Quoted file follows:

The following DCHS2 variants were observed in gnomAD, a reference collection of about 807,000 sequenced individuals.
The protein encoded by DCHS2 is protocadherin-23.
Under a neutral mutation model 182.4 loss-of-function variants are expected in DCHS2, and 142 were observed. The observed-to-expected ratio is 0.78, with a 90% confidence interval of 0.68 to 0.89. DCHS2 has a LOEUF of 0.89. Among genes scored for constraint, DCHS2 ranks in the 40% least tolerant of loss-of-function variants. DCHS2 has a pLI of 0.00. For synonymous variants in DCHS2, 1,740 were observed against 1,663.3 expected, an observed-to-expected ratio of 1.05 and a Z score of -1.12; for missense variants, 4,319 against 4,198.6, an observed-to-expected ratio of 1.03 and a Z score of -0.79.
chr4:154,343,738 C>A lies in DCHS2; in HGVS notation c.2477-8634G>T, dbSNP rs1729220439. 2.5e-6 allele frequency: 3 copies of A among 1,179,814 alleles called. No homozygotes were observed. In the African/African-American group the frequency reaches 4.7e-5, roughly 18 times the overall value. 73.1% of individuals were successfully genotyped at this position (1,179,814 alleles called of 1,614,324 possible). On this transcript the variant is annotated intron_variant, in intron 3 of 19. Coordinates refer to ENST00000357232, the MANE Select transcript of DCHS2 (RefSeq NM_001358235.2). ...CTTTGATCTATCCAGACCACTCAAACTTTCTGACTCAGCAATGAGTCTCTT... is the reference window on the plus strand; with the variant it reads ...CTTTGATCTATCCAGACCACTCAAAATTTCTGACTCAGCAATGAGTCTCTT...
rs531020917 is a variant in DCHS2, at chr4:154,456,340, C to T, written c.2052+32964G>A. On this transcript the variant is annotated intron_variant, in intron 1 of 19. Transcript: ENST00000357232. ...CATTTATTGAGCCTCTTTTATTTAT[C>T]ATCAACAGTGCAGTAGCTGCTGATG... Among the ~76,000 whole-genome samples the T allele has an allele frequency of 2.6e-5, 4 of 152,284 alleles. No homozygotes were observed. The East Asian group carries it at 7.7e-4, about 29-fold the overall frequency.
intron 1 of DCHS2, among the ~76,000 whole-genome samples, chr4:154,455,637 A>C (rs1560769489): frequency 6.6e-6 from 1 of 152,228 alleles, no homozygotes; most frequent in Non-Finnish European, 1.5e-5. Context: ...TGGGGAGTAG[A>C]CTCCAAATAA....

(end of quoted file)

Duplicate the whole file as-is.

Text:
The following DCHS2 variants were observed in gnomAD, a reference collection of about 807,000 sequenced individuals.
The protein encoded by DCHS2 is protocadherin-23.
Under a neutral mutation model 182.4 loss-of-function variants are expected in DCHS2, and 142 were observed. The observed-to-expected ratio is 0.78, with a 90% confidence interval of 0.68 to 0.89. DCHS2 has a LOEUF of 0.89. Among genes scored for constraint, DCHS2 ranks in the 40% least tolerant of loss-of-function variants. DCHS2 has a pLI of 0.00. For synonymous variants in DCHS2, 1,740 were observed against 1,663.3 expected, an observed-to-expected ratio of 1.05 and a Z score of -1.12; for missense variants, 4,319 against 4,198.6, an observed-to-expected ratio of 1.03 and a Z score of -0.79.
chr4:154,343,738 C>A lies in DCHS2; in HGVS notation c.2477-8634G>T, dbSNP rs1729220439. 2.5e-6 allele frequency: 3 copies of A among 1,179,814 alleles called. No homozygotes were observed. In the African/African-American group the frequency reaches 4.7e-5, roughly 18 times the overall value. 73.1% of individuals were successfully genotyped at this position (1,179,814 alleles called of 1,614,324 possible). On this transcript the variant is annotated intron_variant, in intron 3 of 19. Coordinates refer to ENST00000357232, the MANE Select transcript of DCHS2 (RefSeq NM_001358235.2). ...CTTTGATCTATCCAGACCACTCAAACTTTCTGACTCAGCAATGAGTCTCTT... is the reference window on the plus strand; with the variant it reads ...CTTTGATCTATCCAGACCACTCAAAATTTCTGACTCAGCAATGAGTCTCTT...
rs531020917 is a variant in DCHS2, at chr4:154,456,340, C to T, written c.2052+32964G>A. On this transcript the variant is annotated intron_variant, in intron 1 of 19. Transcript: ENST00000357232. ...CATTTATTGAGCCTCTTTTATTTAT[C>T]ATCAACAGTGCAGTAGCTGCTGATG... Among the ~76,000 whole-genome samples the T allele has an allele frequency of 2.6e-5, 4 of 152,284 alleles. No homozygotes were observed. The East Asian group carries it at 7.7e-4, about 29-fold the overall frequency.
intron 1 of DCHS2, among the ~76,000 whole-genome samples, chr4:154,455,637 A>C (rs1560769489): frequency 6.6e-6 from 1 of 152,228 alleles, no homozygotes; most frequent in Non-Finnish European, 1.5e-5. Context: ...TGGGGAGTAG[A>C]CTCCAAATAA....